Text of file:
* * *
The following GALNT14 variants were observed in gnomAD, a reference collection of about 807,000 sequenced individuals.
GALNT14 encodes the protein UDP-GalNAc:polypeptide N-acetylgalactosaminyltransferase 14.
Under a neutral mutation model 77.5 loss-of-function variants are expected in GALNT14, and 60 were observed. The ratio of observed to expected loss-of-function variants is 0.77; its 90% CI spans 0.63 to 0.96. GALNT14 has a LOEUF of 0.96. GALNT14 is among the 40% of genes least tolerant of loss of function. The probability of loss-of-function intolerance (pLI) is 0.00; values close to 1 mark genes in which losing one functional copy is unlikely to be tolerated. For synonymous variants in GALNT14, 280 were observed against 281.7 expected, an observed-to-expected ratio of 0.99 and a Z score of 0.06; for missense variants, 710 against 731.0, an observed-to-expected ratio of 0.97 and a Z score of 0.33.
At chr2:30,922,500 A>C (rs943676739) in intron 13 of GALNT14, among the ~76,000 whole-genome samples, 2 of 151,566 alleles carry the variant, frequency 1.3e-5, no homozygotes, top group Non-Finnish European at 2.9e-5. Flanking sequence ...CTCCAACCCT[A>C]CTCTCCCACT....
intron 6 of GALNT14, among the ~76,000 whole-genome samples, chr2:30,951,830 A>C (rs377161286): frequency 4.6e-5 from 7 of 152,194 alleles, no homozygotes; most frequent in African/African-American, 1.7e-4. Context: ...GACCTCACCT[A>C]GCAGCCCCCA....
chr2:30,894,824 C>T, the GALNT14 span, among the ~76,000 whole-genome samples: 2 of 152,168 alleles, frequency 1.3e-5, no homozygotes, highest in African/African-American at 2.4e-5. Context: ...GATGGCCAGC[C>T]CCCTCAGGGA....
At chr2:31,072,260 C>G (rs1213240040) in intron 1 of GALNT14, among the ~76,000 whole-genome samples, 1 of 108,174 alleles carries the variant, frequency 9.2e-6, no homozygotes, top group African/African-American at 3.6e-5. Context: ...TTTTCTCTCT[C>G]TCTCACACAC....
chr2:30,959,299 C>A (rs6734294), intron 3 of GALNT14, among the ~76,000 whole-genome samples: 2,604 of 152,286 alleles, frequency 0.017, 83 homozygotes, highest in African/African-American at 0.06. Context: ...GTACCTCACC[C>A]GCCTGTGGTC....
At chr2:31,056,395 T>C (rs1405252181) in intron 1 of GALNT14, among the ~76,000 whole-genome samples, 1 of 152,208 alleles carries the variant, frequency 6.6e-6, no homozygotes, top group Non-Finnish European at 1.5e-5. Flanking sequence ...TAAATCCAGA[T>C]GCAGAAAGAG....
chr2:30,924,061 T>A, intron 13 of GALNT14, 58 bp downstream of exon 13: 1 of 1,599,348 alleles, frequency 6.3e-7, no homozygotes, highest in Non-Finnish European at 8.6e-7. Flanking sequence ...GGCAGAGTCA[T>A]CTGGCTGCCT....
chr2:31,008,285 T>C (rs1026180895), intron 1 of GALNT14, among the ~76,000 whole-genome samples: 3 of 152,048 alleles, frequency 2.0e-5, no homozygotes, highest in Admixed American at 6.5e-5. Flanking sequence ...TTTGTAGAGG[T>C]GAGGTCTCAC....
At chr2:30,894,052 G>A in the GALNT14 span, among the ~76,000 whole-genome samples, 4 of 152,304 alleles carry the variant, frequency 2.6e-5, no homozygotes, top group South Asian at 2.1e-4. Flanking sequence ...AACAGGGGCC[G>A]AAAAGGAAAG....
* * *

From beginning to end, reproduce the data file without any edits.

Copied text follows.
The following GALNT14 variants were observed in gnomAD, a reference collection of about 807,000 sequenced individuals.
GALNT14 encodes the protein UDP-GalNAc:polypeptide N-acetylgalactosaminyltransferase 14.
Under a neutral mutation model 77.5 loss-of-function variants are expected in GALNT14, and 60 were observed. The ratio of observed to expected loss-of-function variants is 0.77; its 90% CI spans 0.63 to 0.96. GALNT14 has a LOEUF of 0.96. GALNT14 is among the 40% of genes least tolerant of loss of function. The probability of loss-of-function intolerance (pLI) is 0.00; values close to 1 mark genes in which losing one functional copy is unlikely to be tolerated. For synonymous variants in GALNT14, 280 were observed against 281.7 expected, an observed-to-expected ratio of 0.99 and a Z score of 0.06; for missense variants, 710 against 731.0, an observed-to-expected ratio of 0.97 and a Z score of 0.33.
At chr2:30,922,500 A>C (rs943676739) in intron 13 of GALNT14, among the ~76,000 whole-genome samples, 2 of 151,566 alleles carry the variant, frequency 1.3e-5, no homozygotes, top group Non-Finnish European at 2.9e-5. Flanking sequence ...CTCCAACCCT[A>C]CTCTCCCACT....
intron 6 of GALNT14, among the ~76,000 whole-genome samples, chr2:30,951,830 A>C (rs377161286): frequency 4.6e-5 from 7 of 152,194 alleles, no homozygotes; most frequent in African/African-American, 1.7e-4. Context: ...GACCTCACCT[A>C]GCAGCCCCCA....
chr2:30,894,824 C>T, the GALNT14 span, among the ~76,000 whole-genome samples: 2 of 152,168 alleles, frequency 1.3e-5, no homozygotes, highest in African/African-American at 2.4e-5. Context: ...GATGGCCAGC[C>T]CCCTCAGGGA....
At chr2:31,072,260 C>G (rs1213240040) in intron 1 of GALNT14, among the ~76,000 whole-genome samples, 1 of 108,174 alleles carries the variant, frequency 9.2e-6, no homozygotes, top group African/African-American at 3.6e-5. Context: ...TTTTCTCTCT[C>G]TCTCACACAC....
chr2:30,959,299 C>A (rs6734294), intron 3 of GALNT14, among the ~76,000 whole-genome samples: 2,604 of 152,286 alleles, frequency 0.017, 83 homozygotes, highest in African/African-American at 0.06. Context: ...GTACCTCACC[C>A]GCCTGTGGTC....
At chr2:31,056,395 T>C (rs1405252181) in intron 1 of GALNT14, among the ~76,000 whole-genome samples, 1 of 152,208 alleles carries the variant, frequency 6.6e-6, no homozygotes, top group Non-Finnish European at 1.5e-5. Flanking sequence ...TAAATCCAGA[T>C]GCAGAAAGAG....
chr2:30,924,061 T>A, intron 13 of GALNT14, 58 bp downstream of exon 13: 1 of 1,599,348 alleles, frequency 6.3e-7, no homozygotes, highest in Non-Finnish European at 8.6e-7. Flanking sequence ...GGCAGAGTCA[T>A]CTGGCTGCCT....
chr2:31,008,285 T>C (rs1026180895), intron 1 of GALNT14, among the ~76,000 whole-genome samples: 3 of 152,048 alleles, frequency 2.0e-5, no homozygotes, highest in Admixed American at 6.5e-5. Flanking sequence ...TTTGTAGAGG[T>C]GAGGTCTCAC....
At chr2:30,894,052 G>A in the GALNT14 span, among the ~76,000 whole-genome samples, 4 of 152,304 alleles carry the variant, frequency 2.6e-5, no homozygotes, top group South Asian at 2.1e-4. Flanking sequence ...AACAGGGGCC[G>A]AAAAGGAAAG....